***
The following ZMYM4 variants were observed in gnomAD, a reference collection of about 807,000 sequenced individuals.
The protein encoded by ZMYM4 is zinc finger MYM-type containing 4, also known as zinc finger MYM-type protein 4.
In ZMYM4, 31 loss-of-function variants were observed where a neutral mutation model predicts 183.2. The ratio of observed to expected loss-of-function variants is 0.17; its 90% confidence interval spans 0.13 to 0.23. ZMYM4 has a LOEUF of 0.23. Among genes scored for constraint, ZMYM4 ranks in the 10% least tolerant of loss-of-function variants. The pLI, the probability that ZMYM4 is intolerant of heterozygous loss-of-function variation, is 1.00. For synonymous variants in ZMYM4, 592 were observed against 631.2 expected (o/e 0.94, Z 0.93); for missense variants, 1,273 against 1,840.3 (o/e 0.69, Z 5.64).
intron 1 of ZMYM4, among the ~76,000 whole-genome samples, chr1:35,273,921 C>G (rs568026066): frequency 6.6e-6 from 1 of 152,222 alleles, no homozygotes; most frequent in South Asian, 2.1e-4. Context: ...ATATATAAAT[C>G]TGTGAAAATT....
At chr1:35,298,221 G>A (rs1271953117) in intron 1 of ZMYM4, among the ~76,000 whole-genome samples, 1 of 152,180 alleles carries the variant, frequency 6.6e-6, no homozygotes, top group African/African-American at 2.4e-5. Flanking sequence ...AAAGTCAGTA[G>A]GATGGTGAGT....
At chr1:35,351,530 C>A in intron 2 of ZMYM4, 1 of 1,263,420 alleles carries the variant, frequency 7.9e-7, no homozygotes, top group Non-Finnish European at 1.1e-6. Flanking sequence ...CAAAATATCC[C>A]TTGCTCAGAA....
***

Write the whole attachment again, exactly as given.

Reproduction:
The following ZMYM4 variants were observed in gnomAD, a reference collection of about 807,000 sequenced individuals.
The protein encoded by ZMYM4 is zinc finger MYM-type containing 4, also known as zinc finger MYM-type protein 4.
In ZMYM4, 31 loss-of-function variants were observed where a neutral mutation model predicts 183.2. The ratio of observed to expected loss-of-function variants is 0.17; its 90% confidence interval spans 0.13 to 0.23. ZMYM4 has a LOEUF of 0.23. Among genes scored for constraint, ZMYM4 ranks in the 10% least tolerant of loss-of-function variants. The pLI, the probability that ZMYM4 is intolerant of heterozygous loss-of-function variation, is 1.00. For synonymous variants in ZMYM4, 592 were observed against 631.2 expected (o/e 0.94, Z 0.93); for missense variants, 1,273 against 1,840.3 (o/e 0.69, Z 5.64).
intron 1 of ZMYM4, among the ~76,000 whole-genome samples, chr1:35,273,921 C>G (rs568026066): frequency 6.6e-6 from 1 of 152,222 alleles, no homozygotes; most frequent in South Asian, 2.1e-4. Context: ...ATATATAAAT[C>G]TGTGAAAATT....
At chr1:35,298,221 G>A (rs1271953117) in intron 1 of ZMYM4, among the ~76,000 whole-genome samples, 1 of 152,180 alleles carries the variant, frequency 6.6e-6, no homozygotes, top group African/African-American at 2.4e-5. Flanking sequence ...AAAGTCAGTA[G>A]GATGGTGAGT....
At chr1:35,351,530 C>A in intron 2 of ZMYM4, 1 of 1,263,420 alleles carries the variant, frequency 7.9e-7, no homozygotes, top group Non-Finnish European at 1.1e-6. Flanking sequence ...CAAAATATCC[C>A]TTGCTCAGAA....